A longtime Kennewick Public Hospital District board member is vying to keep her seat against a challenger making his first bid for the post.
The race for Position 5 pits incumbent Wanda Briggs against Rick Fehr.
Fehr, 48, works as a private investigator and for an armored vehicle company. He is active with the Benton County Republican Party and described himself as a fiscal conservative, saying he would bring that mindset to the board.
He said Briggs has a fine record but never has had a challenger and "no one should go unopposed."
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The hospital board is divided, Fehr said. "I feel like I could talk to both sides. I'm not a divider. I would do the best I can to bring it together," he told the Herald.
Asked about the hospital system's new name -- the district is doing business as Trios Health, following recent action by the board -- Fehr said he liked the old moniker and feels the new one will bring confusion. He also said he feels the public was left out of the renaming process.
Still, "it's a done deal" and now "we've got to promote it and make sure it's promoted right," he said
Fehr will bring fresh energy to the board, which has several aging members including Briggs, who is 74, he said. Terms last six years.
"I'm a younger person. I think I can bring more energy, more time to the board. I want to save the taxpayers money. I want to serve the community and this is my way of doing it," he said.
Briggs, who has been on the board for 15 years, said she brings considerable energy and passion, as well as valuable experience.
She said she works "tirelessly for this hospital district because I believe in it."
When she became a commissioner, "there was a disjointed management organization, a disheartened board that had tried to merge with Kadlec" and shaky finances, among other issues, Briggs said.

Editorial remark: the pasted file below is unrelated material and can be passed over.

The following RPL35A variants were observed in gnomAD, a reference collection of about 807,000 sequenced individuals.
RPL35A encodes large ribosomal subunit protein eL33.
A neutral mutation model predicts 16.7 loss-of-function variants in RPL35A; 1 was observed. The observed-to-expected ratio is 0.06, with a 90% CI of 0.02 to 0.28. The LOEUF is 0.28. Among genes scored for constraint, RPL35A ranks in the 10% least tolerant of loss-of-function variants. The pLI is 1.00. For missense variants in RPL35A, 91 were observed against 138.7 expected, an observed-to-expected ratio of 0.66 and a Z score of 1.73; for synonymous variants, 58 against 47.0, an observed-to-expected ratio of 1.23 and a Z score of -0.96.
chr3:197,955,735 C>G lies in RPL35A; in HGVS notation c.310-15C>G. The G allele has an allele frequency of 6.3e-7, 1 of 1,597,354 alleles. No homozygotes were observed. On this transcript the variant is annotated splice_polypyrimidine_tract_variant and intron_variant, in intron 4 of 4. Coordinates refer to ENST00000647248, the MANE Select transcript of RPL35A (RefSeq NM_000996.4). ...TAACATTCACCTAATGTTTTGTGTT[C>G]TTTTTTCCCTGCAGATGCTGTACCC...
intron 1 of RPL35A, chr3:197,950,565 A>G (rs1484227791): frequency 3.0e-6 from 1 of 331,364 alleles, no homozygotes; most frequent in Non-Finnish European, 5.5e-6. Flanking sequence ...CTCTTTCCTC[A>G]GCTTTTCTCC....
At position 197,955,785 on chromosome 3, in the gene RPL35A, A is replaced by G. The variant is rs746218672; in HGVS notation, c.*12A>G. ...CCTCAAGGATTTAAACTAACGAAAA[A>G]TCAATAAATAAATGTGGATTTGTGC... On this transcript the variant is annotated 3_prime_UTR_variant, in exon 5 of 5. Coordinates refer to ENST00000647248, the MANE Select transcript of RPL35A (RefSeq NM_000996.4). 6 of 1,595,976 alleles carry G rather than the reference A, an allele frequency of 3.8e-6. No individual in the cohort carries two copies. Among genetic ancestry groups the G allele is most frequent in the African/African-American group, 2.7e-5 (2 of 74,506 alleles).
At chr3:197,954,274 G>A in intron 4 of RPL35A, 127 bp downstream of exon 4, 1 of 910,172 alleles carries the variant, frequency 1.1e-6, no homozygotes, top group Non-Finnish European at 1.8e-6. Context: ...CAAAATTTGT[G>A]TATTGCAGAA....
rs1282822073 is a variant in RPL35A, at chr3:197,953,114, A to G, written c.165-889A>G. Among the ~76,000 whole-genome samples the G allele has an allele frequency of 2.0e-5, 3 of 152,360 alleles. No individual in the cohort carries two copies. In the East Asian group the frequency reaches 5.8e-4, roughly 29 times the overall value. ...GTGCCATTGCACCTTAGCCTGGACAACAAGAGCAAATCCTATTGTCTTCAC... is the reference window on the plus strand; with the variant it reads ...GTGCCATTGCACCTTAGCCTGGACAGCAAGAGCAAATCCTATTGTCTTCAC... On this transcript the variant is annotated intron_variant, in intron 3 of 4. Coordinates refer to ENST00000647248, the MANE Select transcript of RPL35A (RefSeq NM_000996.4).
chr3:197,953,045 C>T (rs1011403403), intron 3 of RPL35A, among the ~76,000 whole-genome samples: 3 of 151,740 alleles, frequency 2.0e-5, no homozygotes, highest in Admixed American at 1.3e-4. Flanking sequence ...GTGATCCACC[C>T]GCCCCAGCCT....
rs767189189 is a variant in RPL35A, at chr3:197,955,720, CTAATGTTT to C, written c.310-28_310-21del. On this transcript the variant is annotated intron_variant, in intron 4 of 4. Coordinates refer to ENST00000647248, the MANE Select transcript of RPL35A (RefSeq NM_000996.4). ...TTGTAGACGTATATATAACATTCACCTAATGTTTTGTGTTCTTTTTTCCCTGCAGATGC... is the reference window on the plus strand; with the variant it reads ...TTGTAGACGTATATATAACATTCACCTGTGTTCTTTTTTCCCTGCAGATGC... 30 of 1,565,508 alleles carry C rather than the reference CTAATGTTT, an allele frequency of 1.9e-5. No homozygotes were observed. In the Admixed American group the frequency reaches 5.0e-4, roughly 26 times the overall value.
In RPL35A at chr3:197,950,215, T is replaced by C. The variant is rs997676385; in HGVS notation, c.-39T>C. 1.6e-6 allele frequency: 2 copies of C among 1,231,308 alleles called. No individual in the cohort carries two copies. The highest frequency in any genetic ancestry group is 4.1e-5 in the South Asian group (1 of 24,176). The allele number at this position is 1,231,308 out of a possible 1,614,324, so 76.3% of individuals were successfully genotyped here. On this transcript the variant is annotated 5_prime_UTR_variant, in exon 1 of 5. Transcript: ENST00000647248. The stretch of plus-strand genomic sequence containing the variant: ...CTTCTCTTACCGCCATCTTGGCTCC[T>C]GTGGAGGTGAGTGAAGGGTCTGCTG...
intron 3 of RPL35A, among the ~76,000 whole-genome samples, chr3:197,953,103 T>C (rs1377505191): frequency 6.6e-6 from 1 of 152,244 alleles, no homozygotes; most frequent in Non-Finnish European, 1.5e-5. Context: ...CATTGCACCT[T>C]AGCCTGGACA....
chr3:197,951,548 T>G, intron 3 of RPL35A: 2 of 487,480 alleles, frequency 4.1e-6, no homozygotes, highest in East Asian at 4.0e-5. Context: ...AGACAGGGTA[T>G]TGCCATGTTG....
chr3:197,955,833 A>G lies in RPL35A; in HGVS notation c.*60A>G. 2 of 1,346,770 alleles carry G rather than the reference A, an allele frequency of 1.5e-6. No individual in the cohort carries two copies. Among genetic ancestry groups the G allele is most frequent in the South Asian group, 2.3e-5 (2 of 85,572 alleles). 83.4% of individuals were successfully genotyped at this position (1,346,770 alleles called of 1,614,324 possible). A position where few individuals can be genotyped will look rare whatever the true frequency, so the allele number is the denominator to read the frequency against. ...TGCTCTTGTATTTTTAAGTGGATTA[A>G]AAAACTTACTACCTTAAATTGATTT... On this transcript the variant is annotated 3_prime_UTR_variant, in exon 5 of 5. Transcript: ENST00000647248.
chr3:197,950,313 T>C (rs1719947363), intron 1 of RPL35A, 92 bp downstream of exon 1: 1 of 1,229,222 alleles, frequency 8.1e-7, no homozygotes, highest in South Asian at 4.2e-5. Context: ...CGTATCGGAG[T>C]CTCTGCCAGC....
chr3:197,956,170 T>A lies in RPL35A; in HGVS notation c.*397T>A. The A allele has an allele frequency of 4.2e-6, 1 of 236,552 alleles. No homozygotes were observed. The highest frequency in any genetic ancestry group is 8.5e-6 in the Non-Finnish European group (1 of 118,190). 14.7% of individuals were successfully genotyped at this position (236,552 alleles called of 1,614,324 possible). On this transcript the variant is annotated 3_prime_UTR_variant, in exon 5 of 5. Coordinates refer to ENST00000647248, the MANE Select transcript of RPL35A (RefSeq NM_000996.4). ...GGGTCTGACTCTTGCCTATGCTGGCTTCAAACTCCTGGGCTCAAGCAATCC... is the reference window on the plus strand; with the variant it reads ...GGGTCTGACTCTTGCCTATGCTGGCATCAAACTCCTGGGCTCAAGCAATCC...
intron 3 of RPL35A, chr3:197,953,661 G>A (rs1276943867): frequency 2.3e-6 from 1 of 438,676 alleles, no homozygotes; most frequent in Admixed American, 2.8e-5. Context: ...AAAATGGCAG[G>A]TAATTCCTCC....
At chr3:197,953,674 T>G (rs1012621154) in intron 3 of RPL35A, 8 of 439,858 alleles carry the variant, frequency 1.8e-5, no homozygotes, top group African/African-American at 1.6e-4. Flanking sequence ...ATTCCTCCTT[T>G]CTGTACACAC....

"I think what you have to do is compare that with today," she said, adding that the health system -- set to open a new Southridge hospital next spring -- now has the staff and finances "to move with confidence into the future."
"I helped lead that turnaround and I want to be here to help see it through," Briggs said.
She added that now isn't the time for "an untested hand" helping to lead the hospital district.
Briggs, a retired Tri-City Herald reporter, said her years as a journalist taught her to ask tough questions and to refuse to accept nonanswers. "I believe voters are entitled to not only transparency, but competency and compassion" in a board member, and she brings those qualities, she said.
Briggs considers herself fiscally conservative but that the position is nonpartisan and party politics don't play a role in running a hospital district.
She challenged Fehr's view that the board is divided, saying they don't always agree but generally work well together.
When it comes to the name change, Briggs said the new name is a better fit and that officials have openly discussed rebranding for years.
Briggs and Fehr have drawn endorsements from residents and community leaders, with current hospital board members also throwing their support into the mix.
Briggs, for example, has endorsements from board colleagues Jim Mefford, Donna Vance and Victor Johnson, while board member Rick Reil has expressed support for Fehr.
Commissioners are paid $114 per day spent on meetings.
Ballots are due by Nov. 5.